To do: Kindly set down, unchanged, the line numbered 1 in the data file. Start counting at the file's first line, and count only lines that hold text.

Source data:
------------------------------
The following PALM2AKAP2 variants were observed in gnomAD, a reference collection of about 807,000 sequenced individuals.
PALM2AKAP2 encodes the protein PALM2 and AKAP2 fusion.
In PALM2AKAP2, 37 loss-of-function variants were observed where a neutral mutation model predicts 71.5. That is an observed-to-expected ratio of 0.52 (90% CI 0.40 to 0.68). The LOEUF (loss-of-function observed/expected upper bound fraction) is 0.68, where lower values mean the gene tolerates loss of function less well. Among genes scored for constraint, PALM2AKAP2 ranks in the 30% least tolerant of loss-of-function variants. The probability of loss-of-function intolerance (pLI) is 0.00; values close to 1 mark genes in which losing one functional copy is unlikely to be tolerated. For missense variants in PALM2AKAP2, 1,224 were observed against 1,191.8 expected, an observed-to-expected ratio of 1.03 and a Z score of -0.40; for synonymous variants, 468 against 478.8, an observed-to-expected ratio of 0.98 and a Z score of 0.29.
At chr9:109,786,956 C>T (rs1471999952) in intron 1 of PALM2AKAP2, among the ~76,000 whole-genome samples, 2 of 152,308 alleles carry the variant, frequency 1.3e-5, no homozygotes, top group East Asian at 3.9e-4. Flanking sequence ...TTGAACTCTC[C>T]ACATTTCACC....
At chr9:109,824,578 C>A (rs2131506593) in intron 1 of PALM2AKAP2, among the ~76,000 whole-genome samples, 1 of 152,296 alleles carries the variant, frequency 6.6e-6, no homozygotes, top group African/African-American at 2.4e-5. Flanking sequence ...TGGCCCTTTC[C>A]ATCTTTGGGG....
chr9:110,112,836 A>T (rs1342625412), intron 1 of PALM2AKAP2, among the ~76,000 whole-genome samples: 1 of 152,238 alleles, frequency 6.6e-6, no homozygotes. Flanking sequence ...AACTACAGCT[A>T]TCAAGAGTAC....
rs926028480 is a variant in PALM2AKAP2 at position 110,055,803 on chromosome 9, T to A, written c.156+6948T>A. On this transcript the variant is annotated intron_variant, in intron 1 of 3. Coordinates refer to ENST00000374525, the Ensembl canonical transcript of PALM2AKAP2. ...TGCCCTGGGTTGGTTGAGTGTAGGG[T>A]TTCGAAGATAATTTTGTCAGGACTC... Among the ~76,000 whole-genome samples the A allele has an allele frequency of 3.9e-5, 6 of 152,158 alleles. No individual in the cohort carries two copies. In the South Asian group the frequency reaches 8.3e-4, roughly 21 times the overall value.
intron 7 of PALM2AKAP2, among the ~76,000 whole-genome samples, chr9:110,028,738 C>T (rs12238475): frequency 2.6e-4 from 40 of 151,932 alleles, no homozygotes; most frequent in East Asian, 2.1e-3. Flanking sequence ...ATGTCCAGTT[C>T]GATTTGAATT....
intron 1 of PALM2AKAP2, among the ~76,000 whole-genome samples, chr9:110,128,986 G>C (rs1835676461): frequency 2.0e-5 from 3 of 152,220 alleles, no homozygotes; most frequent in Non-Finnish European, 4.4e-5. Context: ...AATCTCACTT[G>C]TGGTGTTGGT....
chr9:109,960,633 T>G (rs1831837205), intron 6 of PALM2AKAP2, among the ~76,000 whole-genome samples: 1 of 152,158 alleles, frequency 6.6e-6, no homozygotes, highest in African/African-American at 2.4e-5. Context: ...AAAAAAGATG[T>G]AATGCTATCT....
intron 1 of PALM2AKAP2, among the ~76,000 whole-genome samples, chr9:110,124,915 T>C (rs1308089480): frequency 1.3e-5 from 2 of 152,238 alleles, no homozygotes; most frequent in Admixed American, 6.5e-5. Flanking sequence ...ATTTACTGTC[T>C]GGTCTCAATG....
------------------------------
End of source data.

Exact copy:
The following PALM2AKAP2 variants were observed in gnomAD, a reference collection of about 807,000 sequenced individuals.